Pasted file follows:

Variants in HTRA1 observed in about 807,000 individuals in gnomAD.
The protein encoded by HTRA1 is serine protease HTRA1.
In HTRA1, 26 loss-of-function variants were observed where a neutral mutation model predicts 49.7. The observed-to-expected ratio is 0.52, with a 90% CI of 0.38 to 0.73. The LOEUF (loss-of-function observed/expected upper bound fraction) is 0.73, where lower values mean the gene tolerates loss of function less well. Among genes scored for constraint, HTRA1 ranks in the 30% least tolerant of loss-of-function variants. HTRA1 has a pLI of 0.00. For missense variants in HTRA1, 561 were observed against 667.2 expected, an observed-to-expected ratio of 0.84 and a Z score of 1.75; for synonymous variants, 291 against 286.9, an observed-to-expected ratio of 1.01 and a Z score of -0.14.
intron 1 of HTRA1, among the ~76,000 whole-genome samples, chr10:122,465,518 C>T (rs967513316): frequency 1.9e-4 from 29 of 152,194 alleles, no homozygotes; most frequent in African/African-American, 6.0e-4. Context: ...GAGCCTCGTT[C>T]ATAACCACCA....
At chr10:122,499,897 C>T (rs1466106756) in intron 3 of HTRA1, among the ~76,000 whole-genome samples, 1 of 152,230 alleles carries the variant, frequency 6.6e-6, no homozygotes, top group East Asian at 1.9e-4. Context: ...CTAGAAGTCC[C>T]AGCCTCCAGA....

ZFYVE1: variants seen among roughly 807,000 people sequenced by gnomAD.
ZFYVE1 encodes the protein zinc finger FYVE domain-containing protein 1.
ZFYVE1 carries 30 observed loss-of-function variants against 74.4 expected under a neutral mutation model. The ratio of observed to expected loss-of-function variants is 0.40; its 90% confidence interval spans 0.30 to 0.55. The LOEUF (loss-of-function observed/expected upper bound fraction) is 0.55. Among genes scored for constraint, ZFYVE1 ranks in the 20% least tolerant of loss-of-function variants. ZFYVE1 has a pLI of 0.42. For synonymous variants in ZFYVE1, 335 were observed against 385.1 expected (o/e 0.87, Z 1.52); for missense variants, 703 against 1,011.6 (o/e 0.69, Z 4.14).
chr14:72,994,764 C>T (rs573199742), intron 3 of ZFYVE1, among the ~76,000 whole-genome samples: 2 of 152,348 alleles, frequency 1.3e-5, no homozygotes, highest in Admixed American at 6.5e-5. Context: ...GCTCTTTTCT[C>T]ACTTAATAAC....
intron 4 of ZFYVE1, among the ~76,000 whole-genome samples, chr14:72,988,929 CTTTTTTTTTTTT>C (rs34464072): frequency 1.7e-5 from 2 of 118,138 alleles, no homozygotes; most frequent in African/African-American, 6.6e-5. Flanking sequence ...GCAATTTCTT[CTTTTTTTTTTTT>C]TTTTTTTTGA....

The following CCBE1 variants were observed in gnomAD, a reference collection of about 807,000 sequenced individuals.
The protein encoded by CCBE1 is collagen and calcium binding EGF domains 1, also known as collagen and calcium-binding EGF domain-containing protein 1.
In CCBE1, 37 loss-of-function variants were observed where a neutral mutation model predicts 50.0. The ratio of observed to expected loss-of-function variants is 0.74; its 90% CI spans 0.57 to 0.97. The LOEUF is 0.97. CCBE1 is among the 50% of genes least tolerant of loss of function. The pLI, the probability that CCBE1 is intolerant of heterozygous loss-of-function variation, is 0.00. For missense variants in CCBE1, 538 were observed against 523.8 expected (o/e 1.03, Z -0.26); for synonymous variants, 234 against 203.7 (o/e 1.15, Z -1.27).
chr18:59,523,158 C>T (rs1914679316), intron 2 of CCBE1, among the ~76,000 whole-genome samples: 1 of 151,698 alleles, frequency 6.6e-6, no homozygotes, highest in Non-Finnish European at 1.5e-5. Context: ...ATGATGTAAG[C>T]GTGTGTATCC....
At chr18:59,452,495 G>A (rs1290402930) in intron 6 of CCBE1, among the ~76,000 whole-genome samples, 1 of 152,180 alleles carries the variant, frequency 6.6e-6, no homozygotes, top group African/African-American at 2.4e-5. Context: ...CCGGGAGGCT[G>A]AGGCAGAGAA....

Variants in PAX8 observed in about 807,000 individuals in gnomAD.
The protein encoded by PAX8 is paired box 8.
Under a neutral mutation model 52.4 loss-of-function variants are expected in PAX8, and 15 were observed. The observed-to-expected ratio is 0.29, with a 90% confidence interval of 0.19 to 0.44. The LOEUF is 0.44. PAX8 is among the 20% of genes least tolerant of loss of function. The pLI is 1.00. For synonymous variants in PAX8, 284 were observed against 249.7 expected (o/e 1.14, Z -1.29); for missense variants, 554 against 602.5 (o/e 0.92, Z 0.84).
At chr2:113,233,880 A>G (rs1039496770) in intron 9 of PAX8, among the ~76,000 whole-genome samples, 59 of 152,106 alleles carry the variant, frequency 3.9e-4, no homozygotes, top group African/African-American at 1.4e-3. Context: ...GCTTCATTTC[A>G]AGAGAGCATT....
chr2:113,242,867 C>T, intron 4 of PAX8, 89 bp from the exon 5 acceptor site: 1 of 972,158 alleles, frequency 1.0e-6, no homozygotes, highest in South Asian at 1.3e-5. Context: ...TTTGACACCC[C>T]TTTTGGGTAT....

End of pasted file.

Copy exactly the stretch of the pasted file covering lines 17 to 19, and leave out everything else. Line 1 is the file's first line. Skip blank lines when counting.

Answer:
The protein encoded by PAX8 is paired box 8.
Under a neutral mutation model 52.4 loss-of-function variants are expected in PAX8, and 15 were observed. The observed-to-expected ratio is 0.29, with a 90% confidence interval of 0.19 to 0.44. The LOEUF is 0.44. PAX8 is among the 20% of genes least tolerant of loss of function. The pLI is 1.00. For synonymous variants in PAX8, 284 were observed against 249.7 expected (o/e 1.14, Z -1.29); for missense variants, 554 against 602.5 (o/e 0.92, Z 0.84).
At chr2:113,233,880 A>G (rs1039496770) in intron 9 of PAX8, among the ~76,000 whole-genome samples, 59 of 152,106 alleles carry the variant, frequency 3.9e-4, no homozygotes, top group African/African-American at 1.4e-3. Context: ...GCTTCATTTC[A>G]AGAGAGCATT....